Today’s Hotel Revenue Manager

Getting both parties to agree in meeting business negotiations

It’s official: The hotel-occupancy boom is over. In the first quarter of 2016, total occupancy dropped among U.S. hotels for the first time since the second quarter of 2009, according to industry analyst STR. What’s more, hotel-financing firm CBRE Hotels estimates that U.S. occupancy will continue to decline through 2017.

But while that seems to be an advantage for meeting planners who are negotiating event contracts in the near future, there is an offsetting factor. The discipline of hotel revenue management—i.e., using data and analytics to predict when a hotel’s demand will be stronger or weaker, and adjusting offerings and rates to maximize demand and revenue at all times—allows properties to maintain a strong hand as occupancy softens. In short, hotel companies want their revenue per available room (RevPAR) to keep nudging upward, and revenue managers at the property level and the regional level are tasked with ensuring that.

Technology has allowed for speedy evolution of this discipline. Just a decade ago, revenue management was relatively unheard of.

“A revenue manager typically handled the room volume and set rates, but with very little data at their disposal,” says Michele Chalupa, director of sales and marketing for The Westin Denver International Airport. “But now there’s a ton of data, and the revenue manager’s job is not about simply setting rates.” Instead, the managers seek to layer the right mix of guest segments—leisure travelers, individual business travelers and group business—into the hotel every day to optimize revenue.

Planners must take that into consideration when sending RFPs to potential host properties, because revenue managers are central in deciding the total price for which a meeting could secure a property over certain dates. “Revenue managers have become equal partners with GMs and with sales directors,” Chalupa notes. “We collaborate with each other on a daily basis.”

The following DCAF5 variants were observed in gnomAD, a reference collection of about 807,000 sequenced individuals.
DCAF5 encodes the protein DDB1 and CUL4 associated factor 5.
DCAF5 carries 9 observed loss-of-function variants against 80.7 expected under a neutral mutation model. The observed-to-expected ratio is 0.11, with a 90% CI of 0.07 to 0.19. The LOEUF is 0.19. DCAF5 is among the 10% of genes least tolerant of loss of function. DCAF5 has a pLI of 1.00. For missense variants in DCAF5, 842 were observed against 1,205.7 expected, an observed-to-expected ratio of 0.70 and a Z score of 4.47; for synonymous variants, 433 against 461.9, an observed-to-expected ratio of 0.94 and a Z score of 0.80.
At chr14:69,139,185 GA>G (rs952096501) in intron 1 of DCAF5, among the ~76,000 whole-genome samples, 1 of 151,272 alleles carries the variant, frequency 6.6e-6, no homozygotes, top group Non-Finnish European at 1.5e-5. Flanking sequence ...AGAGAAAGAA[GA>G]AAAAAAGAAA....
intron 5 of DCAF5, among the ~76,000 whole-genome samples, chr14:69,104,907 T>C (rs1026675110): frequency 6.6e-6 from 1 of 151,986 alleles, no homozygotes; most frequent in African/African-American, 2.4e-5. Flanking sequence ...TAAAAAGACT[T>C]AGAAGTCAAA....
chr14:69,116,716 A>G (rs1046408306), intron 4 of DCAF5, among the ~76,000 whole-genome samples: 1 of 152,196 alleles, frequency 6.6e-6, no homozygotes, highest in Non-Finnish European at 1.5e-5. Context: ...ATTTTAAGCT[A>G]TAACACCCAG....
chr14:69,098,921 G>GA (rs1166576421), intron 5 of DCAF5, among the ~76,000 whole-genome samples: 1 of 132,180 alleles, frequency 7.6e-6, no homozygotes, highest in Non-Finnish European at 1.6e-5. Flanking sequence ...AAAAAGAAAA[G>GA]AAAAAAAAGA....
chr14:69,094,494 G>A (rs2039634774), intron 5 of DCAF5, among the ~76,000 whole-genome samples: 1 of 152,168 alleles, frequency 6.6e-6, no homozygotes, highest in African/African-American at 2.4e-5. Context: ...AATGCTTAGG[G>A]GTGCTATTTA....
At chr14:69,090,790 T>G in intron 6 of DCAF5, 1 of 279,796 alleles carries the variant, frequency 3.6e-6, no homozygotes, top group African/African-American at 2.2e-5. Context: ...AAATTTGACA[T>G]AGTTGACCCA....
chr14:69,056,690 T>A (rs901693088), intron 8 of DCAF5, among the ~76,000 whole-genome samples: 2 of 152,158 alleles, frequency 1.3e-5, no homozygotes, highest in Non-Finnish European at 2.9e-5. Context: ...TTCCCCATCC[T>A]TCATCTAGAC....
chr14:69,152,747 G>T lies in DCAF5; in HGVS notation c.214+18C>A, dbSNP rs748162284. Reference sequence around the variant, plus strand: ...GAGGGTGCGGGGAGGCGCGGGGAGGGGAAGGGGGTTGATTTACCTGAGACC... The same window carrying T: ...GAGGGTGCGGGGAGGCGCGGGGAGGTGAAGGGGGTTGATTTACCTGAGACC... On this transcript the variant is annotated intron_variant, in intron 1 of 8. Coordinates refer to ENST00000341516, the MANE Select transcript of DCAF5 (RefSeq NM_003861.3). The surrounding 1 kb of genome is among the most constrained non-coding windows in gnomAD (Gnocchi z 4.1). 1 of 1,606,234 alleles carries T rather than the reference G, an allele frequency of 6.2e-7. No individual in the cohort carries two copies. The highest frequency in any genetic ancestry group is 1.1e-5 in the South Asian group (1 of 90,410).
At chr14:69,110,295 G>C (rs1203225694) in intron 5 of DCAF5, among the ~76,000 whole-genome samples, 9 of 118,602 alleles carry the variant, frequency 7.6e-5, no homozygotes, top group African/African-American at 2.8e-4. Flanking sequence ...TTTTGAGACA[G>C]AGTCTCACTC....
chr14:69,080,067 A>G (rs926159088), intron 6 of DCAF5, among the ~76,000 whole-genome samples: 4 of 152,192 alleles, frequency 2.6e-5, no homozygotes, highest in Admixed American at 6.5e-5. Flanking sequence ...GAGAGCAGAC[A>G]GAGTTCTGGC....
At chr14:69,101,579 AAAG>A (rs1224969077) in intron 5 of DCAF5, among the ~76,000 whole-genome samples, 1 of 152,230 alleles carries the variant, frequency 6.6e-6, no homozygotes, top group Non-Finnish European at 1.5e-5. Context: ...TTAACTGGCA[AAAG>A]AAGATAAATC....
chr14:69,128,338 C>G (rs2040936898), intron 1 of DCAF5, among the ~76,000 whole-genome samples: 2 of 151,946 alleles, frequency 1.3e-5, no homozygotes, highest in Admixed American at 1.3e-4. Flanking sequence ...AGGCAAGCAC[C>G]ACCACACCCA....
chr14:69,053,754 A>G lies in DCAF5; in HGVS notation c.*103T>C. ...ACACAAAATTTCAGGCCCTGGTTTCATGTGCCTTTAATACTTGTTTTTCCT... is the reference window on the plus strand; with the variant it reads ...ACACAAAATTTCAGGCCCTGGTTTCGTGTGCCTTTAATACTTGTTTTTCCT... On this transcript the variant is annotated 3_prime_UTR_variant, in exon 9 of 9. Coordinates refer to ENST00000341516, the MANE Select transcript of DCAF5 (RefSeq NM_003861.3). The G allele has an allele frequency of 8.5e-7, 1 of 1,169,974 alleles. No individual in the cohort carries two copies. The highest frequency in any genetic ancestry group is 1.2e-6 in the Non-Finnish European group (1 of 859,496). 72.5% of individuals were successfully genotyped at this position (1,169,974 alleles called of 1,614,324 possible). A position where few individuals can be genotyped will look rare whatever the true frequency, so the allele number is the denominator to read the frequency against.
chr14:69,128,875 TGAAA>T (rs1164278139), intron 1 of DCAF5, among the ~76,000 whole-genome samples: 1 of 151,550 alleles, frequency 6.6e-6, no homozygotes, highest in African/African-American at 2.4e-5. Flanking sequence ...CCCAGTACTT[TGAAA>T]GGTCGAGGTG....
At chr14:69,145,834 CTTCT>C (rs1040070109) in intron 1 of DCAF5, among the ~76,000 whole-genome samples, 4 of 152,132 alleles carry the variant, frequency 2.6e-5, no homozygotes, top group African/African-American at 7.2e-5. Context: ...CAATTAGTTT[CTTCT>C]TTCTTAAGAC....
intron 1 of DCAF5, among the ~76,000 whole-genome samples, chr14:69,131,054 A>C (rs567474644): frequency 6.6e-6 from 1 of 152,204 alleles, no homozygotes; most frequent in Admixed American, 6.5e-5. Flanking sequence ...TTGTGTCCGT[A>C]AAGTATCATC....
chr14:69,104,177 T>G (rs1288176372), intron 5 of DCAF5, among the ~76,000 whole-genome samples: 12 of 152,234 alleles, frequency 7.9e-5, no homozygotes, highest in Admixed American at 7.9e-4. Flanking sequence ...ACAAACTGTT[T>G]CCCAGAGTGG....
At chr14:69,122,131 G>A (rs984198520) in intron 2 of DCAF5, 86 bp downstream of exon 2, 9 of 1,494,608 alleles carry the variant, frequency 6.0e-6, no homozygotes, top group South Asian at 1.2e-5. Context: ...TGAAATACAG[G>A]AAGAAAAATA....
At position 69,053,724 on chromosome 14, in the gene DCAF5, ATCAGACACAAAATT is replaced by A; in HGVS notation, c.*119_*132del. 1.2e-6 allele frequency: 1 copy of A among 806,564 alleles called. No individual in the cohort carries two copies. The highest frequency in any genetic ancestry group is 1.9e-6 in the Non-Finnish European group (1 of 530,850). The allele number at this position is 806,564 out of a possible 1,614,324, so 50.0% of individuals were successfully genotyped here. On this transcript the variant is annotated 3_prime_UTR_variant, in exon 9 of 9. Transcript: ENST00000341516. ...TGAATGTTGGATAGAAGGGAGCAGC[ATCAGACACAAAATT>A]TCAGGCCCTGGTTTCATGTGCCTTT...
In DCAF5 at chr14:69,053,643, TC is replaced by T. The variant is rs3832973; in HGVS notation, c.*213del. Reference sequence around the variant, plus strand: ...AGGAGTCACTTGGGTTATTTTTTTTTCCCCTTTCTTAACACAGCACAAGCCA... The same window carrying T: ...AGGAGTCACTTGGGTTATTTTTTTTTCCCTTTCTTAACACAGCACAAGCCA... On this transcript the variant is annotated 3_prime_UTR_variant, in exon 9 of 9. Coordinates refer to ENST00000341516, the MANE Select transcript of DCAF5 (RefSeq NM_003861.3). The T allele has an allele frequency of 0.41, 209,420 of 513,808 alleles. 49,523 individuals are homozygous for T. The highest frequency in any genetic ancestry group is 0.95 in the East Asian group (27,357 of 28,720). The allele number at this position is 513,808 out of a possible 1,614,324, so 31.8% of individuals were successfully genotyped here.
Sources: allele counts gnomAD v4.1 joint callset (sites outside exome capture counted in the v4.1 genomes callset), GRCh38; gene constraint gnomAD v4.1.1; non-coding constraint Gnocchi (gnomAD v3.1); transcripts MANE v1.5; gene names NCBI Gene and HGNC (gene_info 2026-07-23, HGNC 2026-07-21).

Revenue Considerations

hotel-revenue-manager-contract

Upon receiving an RFP for an event, a hotel salesperson presents it to the director of sales and the revenue manager.

“We evaluate if this would be the most profitable possibility for the hotel, given the number of guest rooms, amount of function space required, and the contribution from food and beverage,” Chalupa says.

Lead time is an important factor; the further out the meeting date, the less amenable a property will be to accept an event that can’t produce the desired revenue, because there’s still time for the property to find a more suitable event for those dates. To make those decisions, “we do a lot of research on the historical demand and compression at our property and in our destination for the group’s time frame,” says Kim Dinsmoor, director of sales and marketing for Sheraton New York Times Square Hotel. On the other hand, if groups want to meet within 8 to 12 weeks, planners can likely strike a better deal—if they can find sufficient room inventory and function space in the desired destination.